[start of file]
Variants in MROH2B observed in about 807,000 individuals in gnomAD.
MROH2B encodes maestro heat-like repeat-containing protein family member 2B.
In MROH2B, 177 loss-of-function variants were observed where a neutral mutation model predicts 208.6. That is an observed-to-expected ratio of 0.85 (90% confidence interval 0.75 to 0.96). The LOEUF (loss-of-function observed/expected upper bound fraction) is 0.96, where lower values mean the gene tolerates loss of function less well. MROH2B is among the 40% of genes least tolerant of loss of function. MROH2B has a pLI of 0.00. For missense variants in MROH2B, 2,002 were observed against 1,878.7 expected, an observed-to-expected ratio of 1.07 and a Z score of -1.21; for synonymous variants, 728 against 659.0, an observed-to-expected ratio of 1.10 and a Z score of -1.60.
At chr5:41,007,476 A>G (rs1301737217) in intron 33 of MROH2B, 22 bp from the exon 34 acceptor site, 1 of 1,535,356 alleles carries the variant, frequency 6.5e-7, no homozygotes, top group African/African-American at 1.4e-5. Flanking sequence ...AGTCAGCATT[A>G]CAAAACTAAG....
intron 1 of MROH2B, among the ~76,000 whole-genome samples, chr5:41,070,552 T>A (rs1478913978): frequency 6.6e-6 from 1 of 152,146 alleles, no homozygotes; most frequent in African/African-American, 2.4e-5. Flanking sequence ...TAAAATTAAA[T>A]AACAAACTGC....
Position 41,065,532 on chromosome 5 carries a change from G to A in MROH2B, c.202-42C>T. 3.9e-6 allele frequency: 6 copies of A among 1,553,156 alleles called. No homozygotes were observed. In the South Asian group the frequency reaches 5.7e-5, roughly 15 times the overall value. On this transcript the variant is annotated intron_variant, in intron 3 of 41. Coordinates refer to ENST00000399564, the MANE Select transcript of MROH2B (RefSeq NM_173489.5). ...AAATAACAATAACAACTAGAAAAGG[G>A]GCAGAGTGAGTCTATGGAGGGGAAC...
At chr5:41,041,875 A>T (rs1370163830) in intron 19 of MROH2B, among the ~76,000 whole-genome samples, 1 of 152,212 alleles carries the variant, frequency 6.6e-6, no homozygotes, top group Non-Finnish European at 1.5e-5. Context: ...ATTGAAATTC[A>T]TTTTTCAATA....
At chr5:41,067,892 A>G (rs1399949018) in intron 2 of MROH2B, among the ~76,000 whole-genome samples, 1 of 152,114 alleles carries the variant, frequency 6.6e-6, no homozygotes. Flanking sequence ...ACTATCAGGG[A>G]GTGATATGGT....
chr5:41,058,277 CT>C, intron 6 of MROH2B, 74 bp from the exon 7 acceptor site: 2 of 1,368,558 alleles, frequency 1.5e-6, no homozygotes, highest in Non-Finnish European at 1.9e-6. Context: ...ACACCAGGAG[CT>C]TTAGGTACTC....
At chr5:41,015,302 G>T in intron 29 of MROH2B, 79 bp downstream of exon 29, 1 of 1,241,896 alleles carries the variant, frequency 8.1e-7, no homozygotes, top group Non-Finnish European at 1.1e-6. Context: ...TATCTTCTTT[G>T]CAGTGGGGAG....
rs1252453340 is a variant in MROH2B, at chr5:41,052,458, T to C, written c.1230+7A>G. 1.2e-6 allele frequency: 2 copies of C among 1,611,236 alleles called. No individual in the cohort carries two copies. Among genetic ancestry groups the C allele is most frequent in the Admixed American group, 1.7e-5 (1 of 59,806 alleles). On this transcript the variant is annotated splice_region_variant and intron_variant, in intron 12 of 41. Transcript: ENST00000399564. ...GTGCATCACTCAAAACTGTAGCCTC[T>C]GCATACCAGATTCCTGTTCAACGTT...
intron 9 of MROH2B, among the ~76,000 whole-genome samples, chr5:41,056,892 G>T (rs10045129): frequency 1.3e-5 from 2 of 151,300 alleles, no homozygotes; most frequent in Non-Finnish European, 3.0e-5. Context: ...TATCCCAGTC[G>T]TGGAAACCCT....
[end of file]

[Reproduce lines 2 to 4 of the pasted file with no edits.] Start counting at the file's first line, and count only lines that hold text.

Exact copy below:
MROH2B encodes maestro heat-like repeat-containing protein family member 2B.
In MROH2B, 177 loss-of-function variants were observed where a neutral mutation model predicts 208.6. That is an observed-to-expected ratio of 0.85 (90% confidence interval 0.75 to 0.96). The LOEUF (loss-of-function observed/expected upper bound fraction) is 0.96, where lower values mean the gene tolerates loss of function less well. MROH2B is among the 40% of genes least tolerant of loss of function. MROH2B has a pLI of 0.00. For missense variants in MROH2B, 2,002 were observed against 1,878.7 expected, an observed-to-expected ratio of 1.07 and a Z score of -1.21; for synonymous variants, 728 against 659.0, an observed-to-expected ratio of 1.10 and a Z score of -1.60.
At chr5:41,007,476 A>G (rs1301737217) in intron 33 of MROH2B, 22 bp from the exon 34 acceptor site, 1 of 1,535,356 alleles carries the variant, frequency 6.5e-7, no homozygotes, top group African/African-American at 1.4e-5. Flanking sequence ...AGTCAGCATT[A>G]CAAAACTAAG....